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This page is an introduction to pinball maintenance and simple repairs for new pinball machine owners. There are many repairs and checks that any pinball owner can do without any expertise. If you are a new owner or thinking about purchasing a pinball machine, then this page on pinball repair tips is for you.
Pinball machines contain potentially lethal voltage. Dangerous voltage may remain for a period even after it is unplugged. Prior to opening a pinball machine, be certain to unplug it, then turn it on to insure that it was actually unplugged. It is recommended that the machine be allowed to sit several minutes to allow any remaining power to dissipate. Repair should be left to properly trained personnel. If you are not qualified, you should not work on a pinball machine.
Solvents such as isopropyl alcohol are flammable and should be used only in a well ventilated area. Do not operate the pinball machine until the vapor has dissipated. Follow all the warnings on the container. Never use lubricants or WD40 as that can lead to a potentially flammable – explosive situation. Proceed at your own risk!
Pinball machine can be divided into two general areas, the playfield / cabinet, and the backbox or head. There are also two general categories of pinball machines, solid state (SS) and electro-mechanical (EM) machines. SS machines have digital displays that power up when the machine is turned on. EM machines use mechanical reels that spin to display the score.
Maintenance of SS and EM playfields are similar. However, the similarity ends there. EM machines use relays, motors and switches to run the game. SS machines rely on electronic circuit boards (PCB) and computers to control the game.
The first step is to identify your pinball machine type and model. An excellent resource is the Internet Pinball Database. Look up your pinball machine on this database to determine what type it is. Find out the manufacturer, the year, and the type: Solid State Electronic (SS) or Electro-mechanical (EM). If your machine is solid state, also note the MPU/CPU type. Keep this information handy for dealing with parts suppliers and repair people.
It is always helpful to have the operating and repair manuals. These manuals can usually be purchased at Steve Young’s The Pinball Resource, Marco Specialties, or Mayfair Amusements. If your machine was manufactured by Stern, Sega or Data East, the manuals may be available from Stern Pinball, Inc.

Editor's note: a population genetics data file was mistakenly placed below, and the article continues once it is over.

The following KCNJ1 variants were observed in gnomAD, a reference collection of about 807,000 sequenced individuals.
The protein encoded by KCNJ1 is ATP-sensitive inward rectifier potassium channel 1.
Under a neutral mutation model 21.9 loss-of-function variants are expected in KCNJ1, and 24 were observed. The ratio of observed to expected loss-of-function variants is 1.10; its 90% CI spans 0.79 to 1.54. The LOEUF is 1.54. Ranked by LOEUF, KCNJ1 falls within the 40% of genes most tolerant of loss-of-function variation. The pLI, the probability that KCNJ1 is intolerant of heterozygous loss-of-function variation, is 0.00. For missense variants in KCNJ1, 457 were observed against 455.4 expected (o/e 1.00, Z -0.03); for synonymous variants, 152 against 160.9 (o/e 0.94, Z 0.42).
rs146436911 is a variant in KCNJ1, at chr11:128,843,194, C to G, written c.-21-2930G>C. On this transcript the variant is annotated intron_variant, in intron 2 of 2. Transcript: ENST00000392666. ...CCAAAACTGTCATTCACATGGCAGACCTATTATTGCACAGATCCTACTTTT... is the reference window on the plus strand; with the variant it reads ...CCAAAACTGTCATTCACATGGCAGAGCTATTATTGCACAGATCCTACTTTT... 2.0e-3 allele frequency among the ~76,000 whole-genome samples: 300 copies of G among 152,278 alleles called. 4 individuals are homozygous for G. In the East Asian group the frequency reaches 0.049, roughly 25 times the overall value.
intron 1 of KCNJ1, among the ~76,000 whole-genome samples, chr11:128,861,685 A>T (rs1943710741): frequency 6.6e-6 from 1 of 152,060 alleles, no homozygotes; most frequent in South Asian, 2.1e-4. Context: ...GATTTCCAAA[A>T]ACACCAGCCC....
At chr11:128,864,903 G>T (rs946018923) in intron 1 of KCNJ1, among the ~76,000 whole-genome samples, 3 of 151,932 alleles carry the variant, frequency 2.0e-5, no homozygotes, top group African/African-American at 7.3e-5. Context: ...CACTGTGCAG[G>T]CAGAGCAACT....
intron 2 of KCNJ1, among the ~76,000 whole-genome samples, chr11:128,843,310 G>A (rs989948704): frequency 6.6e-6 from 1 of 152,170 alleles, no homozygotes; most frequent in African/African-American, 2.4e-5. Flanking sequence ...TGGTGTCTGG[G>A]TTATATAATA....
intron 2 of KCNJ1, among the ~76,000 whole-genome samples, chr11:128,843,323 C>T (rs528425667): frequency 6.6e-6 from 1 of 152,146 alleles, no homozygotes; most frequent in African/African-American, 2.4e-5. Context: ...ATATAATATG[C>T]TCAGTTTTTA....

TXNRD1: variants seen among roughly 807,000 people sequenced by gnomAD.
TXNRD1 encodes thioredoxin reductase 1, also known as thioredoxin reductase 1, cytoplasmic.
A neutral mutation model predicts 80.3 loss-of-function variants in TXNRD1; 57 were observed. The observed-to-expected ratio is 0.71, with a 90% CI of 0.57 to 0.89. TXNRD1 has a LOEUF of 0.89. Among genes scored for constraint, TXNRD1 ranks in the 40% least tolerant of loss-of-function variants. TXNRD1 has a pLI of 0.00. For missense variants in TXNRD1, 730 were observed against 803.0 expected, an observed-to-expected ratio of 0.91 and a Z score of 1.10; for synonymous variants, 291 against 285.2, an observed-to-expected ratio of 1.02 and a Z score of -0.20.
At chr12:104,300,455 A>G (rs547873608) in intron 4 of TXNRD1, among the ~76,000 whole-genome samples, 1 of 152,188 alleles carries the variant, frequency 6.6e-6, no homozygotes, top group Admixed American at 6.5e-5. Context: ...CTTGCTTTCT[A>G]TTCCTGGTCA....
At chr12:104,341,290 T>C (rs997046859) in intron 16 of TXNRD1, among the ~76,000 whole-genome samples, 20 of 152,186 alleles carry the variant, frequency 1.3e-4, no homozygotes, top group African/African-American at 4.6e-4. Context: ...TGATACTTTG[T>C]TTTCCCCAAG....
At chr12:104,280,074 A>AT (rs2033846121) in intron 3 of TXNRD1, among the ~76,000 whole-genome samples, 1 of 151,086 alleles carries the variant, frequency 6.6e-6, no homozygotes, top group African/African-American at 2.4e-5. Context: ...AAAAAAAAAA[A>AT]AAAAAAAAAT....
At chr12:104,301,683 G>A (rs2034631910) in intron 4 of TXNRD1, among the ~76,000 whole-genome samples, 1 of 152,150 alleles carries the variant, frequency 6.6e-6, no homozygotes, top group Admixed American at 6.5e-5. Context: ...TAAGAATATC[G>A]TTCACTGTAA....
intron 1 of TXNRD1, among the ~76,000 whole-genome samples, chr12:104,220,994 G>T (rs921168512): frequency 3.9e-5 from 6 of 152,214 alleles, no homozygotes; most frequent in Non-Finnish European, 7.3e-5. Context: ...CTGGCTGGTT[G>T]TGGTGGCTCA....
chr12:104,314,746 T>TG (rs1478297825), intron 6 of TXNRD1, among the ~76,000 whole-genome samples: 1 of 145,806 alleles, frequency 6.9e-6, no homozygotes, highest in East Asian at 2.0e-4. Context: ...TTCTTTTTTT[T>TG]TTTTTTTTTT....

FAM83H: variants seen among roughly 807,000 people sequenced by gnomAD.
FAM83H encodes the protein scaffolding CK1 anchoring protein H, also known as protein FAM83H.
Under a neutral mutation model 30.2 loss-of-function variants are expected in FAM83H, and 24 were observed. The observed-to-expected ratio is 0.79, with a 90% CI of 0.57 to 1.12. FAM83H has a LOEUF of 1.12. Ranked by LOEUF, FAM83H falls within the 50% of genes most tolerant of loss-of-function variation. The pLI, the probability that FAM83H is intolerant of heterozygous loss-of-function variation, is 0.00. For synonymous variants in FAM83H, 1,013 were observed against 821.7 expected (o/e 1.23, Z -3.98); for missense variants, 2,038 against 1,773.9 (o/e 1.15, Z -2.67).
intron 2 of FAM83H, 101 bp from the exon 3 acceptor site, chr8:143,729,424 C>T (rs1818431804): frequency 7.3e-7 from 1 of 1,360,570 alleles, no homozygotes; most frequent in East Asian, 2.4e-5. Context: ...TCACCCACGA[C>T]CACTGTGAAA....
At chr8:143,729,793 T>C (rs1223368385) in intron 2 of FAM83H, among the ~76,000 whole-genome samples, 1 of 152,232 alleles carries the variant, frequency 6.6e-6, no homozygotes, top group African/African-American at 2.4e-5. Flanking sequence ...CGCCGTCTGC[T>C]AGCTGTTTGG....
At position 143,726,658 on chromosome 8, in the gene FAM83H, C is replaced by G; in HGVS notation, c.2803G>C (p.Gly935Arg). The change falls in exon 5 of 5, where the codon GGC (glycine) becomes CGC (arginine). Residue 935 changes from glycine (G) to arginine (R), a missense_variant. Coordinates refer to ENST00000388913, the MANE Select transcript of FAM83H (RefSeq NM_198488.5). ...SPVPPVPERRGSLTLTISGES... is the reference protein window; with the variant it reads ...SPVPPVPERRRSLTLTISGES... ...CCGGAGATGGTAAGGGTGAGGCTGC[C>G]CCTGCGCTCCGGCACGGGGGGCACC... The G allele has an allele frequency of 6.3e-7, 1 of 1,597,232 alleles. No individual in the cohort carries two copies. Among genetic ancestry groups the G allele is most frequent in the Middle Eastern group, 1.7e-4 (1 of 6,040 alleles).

If you are buying a used game, the chances are pretty good that a wrong fuse was installed at some point. If it is large difference, then a problem could cause severe damage to your new pinball machine or even a fire. It is very important to check that the proper values are installed. For more information on locating the fuses, see “Fuse locations“.
Regular maintenance of a pinball machine can keep it running smoothly and maintain its resale value. Prior to starting, see the Caution above. The supplies suggested below are available from companies that supply pinball parts.
Most maintenance can be accomplished with supplies found in local stores. Some materials may have to be ordered from pinball parts suppliers. The following parts may be needed (will vary depending on the machine):
- Isopropyl alcohol (91%). Do not use rubbing alcohol.
- Screwdriver (Phillips and standard).
- Needle-nose pliers.
- Wire cutter. Small size for cutting wires in tight places.
- Allen wrench set.
- 400 grit sandpaper or flexstone (switch cleaning).
- Nut driver set / socket wrench set – English. Socket set used for some flippers.
- Multimeter / DVM (volt ohm meter). Make sure it has a diode test function.
- Novus #2 or #3 cleaner. #2 is typically used for cleaning playfields.
- Treewax or Meguiar’s Carnauba wax (or Optimum Car Wax®).
- Light bulbs – type varies depending on the pinball machine. Or LED’s.
- New pinball(s)! – replace these once a year. In quantity, they are $1 ea. Get a bunch and replace them every year when you replace the batteries.
- Switch adjustment tool.
- New rubber rings (replace if yours look worn out).
- Replacement batteries – if you are unfortunate to still have them. Or get rid of batteries forever.
- Pencil soldering iron. We prefer 35 watt for under the playfield work. Not for circuit board use!
- Solder. 60/40 (tin/lead) rosin core. Note that newer pinball machines are lead free and use silver solder. That requires higher heat and is much harder to work with, so we stick with tin/lead. 63/37 solder may melt a little better.